Do you have a scuba mentor

go proAs a new PADI OWSI or dive master are you continuing your relationship with your scuba mentor or shop? Or are you going out solo?  That is always the question that a new PADI OWSI will struggle with as they await the paper work to be completed and arrive with their brand new shinny black card.

It has been an interesting month for me, watching a new PADI OWSI working with their first class solo, that is without me leading them in conducting the class as well as working with some students that were given a referral from an independent OWSI to go do their open water check out dives that didn’t feel ready to go to open water and wanted a little more practice. Yes, you can say it has definitely been more than interesting.

Altitude divingThe other night as I was with our 3 new dive master candidates we were discussing the role of the dive master and the role of the shop/instructor.  We talked about how our roles have grown from that of student and teacher to that of a new professional and their scuba mentor.  The new dive master and even the new OWSI are qualified to lead and teach from the moment they graduate; much like a newly minted MBA is ready to take on the business world. And they will probably do very well and be successful.

But, there is so much more to teaching any scuba class and while true that experience is the best way to gain the experience and confidence in any profession having a scuba mentor or 2 can help the new OWSI and dive master grow.  Having a scuba mentor to talk over things that happen in a class can be instrumental in your growth as an OWSI or dive master. In our programs we try and have you work with as many real students as we can, because while role playing scenarios with other candidates is fun and a learn tool, working with real students and real problems and yes real fears will ramp up the learning curve as you progress and learn and grow.

Talk with your instructor/ scuba mentor about the opportunities for you to co-teach or the possibility of you going the staff at the dive shop. Check out the PADI pro site for teaching opportunities in the island where you can gain experience and work closely with experienced instructors. The world awaits you as does your mentor.

scuba mentorIf you are ready to join the scuba professionals join us for our next PADI social night on April 30.  The theme of the night is “Living the Scuba Dream”.  See you there

My journey to PADI OWSI and beyond

owsiHonest, I never intended to ever be a PADI OWSI (Open Water Scuba Instructor). I was happy and content to be making loans and playing golf and not really into the thought of basically changing my career and life to be Scuba Joe.  So how did I get here?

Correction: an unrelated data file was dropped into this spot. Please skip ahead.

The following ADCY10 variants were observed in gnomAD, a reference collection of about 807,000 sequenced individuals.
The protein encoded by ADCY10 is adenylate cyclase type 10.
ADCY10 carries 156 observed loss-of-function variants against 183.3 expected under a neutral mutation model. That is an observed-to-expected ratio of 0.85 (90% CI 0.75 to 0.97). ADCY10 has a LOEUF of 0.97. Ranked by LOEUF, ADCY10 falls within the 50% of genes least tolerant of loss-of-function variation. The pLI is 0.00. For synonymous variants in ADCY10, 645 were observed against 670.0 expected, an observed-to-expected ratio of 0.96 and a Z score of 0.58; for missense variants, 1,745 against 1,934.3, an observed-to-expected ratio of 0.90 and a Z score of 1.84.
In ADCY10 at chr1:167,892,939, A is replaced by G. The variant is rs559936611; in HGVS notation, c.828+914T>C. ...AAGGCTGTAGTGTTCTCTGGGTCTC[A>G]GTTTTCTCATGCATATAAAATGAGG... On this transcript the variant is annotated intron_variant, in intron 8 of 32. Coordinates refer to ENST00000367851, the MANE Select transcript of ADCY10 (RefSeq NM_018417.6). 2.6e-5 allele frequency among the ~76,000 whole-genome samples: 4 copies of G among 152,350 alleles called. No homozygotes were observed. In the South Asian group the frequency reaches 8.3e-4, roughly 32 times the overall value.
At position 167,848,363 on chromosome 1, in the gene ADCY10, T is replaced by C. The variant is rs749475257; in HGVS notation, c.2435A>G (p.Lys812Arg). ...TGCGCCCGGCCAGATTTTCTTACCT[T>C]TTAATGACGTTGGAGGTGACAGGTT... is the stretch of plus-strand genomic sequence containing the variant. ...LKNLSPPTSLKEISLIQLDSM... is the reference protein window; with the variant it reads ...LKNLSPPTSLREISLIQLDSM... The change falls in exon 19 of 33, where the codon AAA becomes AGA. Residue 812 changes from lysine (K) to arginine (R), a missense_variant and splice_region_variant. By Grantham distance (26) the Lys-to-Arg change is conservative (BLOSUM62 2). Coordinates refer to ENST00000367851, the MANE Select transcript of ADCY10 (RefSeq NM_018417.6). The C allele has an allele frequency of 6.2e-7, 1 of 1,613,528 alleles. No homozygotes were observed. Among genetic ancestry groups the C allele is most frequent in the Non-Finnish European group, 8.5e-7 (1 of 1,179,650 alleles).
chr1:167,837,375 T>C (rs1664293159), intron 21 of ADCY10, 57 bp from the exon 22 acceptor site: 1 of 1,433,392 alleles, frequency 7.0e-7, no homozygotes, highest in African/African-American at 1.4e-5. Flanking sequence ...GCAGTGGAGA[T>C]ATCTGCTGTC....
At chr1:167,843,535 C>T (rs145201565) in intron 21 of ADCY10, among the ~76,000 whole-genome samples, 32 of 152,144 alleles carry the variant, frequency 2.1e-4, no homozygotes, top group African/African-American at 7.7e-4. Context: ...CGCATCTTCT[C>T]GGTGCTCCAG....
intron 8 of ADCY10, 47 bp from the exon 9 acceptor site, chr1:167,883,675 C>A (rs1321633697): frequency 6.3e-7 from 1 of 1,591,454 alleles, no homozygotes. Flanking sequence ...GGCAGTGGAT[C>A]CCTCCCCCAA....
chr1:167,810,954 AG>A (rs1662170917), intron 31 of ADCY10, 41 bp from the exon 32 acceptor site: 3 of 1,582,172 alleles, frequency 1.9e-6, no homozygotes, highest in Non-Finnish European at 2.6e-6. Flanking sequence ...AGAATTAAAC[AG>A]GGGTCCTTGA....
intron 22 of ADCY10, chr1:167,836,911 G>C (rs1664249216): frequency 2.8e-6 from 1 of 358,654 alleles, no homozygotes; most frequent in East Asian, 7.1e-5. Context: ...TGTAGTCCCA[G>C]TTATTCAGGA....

Well, it started with when I met Donna. See we made this deal, I would get certified to dive and she would learn to play golf.  Sounded like an easy plan and would give us to different hobbies to enjoy.  Then sometime in 2004 she decided that she was ready to become an instructor. Me? I was happy taking two trips a year and doing 20 or so dives and then playing some golf. Then in early 2005 after she passed her instructor exam the thought popped into her head that I should at least become a dive con/assistant instructor so I could help her with her classes and maybe it could be something we could do as part time work at retirement. I firmly dug in my fins and said I wasn’t really interested in that.  Then in 2007, my fins came out of the sand and I began my training.  After all, I was tagging along and going to the crater and helping out any way.

Back in 2003 on a Windjammer after a day of diving in Bonaire, we were sitting with some new friends and munching on a bag of fries from Whataburger, laughing and joking about being retired and “working” at a dive shop on some island.  My friends it wasn’t anything other than people sitting around and having a little fun.  But 4 years later, here I am starting my training on the way to OWSI. Then later that year (2007) the owner of the shop was in a horrible accident, Donna became the lead instructor and I her trusty second.  Donna even mentioned to the owner’s wife that if they decided to ever sell the shop she would be interested in purchasing the business.